Questions about switching arts

Kittan Bachika

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There are a ton of famous masters who studied various styles. I always wonder for those who have switched styles, do you remember or practice what you learned in the past?

There are some teachers who say that if you switch to another style you should forget what you learned in the last style because it will hurt your training. Is this true?
 

clfsean

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There are a ton of famous masters who studied various styles. I always wonder for those who have switched styles, do you remember or practice what you learned in the past?

There are some teachers who say that if you switch to another style you should forget what you learned in the last style because it will hurt your training. Is this true?


Empty cup vs Full cup...
Building onto as opposed to starting from the ground up...
Learning hinderence vs Learning accelerator...

Flip a coin & depending on who you speak to, you'll get a different answer.
 

searcher

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I have maintained pieces of each style I have trained in and all from others. I have to admit that when it came to a couple of styles, I was only after small components.

I incorporate the "pieces" into what I teach.
 

Mark Jordan

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There are some teachers who say that if you switch to another style you should forget what you learned in the last style because it will hurt your training.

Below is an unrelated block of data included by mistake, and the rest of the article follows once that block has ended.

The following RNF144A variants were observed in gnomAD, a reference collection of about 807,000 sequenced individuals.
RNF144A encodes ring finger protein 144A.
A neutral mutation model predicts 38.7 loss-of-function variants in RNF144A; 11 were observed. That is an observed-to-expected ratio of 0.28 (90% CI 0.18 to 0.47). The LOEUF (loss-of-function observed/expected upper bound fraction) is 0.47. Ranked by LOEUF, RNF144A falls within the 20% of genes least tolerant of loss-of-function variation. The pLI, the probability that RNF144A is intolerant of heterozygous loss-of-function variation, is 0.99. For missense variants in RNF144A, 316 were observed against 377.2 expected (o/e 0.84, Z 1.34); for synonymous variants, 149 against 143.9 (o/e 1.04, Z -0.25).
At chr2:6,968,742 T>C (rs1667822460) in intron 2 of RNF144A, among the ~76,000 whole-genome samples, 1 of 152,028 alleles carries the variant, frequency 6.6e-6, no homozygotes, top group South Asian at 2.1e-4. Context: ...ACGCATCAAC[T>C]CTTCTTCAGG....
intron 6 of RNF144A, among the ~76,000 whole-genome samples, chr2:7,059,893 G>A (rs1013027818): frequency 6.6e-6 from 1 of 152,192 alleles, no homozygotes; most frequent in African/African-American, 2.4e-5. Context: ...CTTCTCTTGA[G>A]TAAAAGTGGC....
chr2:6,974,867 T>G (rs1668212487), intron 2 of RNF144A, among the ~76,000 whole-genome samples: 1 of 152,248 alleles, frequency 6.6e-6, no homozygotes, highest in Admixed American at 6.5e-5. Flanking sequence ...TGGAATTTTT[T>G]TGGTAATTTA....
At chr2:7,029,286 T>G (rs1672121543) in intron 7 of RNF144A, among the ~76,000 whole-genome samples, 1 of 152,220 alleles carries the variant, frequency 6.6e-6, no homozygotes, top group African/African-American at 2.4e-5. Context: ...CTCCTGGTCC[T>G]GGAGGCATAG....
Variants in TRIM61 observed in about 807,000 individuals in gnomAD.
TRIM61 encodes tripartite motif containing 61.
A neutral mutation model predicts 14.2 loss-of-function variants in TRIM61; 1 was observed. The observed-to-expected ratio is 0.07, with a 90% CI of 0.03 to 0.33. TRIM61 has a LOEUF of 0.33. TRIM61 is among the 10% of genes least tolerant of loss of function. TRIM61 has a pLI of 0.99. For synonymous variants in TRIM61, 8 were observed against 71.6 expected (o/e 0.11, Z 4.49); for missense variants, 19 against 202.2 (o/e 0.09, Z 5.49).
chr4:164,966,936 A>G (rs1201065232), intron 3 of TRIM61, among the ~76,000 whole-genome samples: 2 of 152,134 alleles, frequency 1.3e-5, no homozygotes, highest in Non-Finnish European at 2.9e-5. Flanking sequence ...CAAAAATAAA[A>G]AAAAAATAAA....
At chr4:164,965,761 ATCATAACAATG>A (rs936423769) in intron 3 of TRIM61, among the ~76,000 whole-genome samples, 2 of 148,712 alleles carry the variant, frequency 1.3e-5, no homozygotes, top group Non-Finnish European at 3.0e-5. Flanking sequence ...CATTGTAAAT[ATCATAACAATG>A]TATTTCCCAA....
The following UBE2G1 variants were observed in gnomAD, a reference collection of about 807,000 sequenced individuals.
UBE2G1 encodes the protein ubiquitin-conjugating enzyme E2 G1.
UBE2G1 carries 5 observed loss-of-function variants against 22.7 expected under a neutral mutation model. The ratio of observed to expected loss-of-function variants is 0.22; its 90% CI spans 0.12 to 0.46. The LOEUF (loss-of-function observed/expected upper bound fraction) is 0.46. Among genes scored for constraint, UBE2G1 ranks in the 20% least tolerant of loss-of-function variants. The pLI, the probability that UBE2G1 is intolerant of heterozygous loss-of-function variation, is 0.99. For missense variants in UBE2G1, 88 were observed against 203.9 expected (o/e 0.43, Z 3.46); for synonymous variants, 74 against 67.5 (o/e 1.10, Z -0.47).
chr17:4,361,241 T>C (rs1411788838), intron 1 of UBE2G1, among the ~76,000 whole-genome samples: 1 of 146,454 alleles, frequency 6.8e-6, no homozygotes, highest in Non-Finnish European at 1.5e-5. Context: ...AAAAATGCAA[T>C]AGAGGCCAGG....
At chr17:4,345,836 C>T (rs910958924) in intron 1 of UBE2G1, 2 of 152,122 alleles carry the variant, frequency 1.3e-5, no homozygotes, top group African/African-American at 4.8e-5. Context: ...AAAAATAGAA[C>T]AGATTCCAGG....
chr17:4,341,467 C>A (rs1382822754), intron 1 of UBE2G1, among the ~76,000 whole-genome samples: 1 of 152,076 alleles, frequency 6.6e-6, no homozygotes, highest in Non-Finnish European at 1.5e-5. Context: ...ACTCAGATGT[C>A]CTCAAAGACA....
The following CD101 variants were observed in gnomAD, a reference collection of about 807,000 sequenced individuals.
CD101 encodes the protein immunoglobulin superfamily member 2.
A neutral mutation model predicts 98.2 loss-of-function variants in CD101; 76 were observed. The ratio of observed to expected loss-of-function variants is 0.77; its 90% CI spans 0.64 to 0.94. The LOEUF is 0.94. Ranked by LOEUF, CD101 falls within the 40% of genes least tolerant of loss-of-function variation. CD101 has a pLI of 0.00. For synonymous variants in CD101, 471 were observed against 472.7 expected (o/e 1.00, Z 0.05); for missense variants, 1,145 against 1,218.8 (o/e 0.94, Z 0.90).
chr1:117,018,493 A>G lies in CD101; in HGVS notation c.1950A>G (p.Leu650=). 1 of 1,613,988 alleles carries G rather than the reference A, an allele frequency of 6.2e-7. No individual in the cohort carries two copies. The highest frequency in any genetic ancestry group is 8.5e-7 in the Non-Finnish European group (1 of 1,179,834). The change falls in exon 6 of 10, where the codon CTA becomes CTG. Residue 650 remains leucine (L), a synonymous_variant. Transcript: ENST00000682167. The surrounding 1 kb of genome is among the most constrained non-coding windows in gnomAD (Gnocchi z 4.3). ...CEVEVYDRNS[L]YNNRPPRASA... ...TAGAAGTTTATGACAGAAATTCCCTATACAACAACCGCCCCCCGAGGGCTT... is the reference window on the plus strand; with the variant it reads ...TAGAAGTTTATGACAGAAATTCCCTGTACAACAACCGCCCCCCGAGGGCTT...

The problem is you might confuse the 2 different styles. That's why some would advice that you forget what you learn in the last style.

However, training other styles can also be good as long as you do it to complement or you do it to fill in some parts you find lacking.
 

xfighter88

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I am a huge proponent of multiple styles. It is a great way to see what works best for you as well as filling in gaps that other arts leave. In general survival punishes the specialist and cuts the well rounded some slack. If you look at MMA you will see this as well. There are people who favor striking but they better know how to stuff a takedown.
 

dbell

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It depends on your wants, what you learned to date, why you are switching styles, how far you got initially, and a bunch of other variables.

No one can "forget it all" and move on to a new art, especially if you have been at it a while.

I think adding to your training after you get a very solid base in one art by training in a second art is a good thing to do. I do recommend that you get solid, say 2nd/3rd Dan in one art before moving to another art, but at least have a couple of years in the one art, and talk it over with your instructor so he or she can direct you to an art that complements what you are doing now, or adds skills not taught in what you are learning now.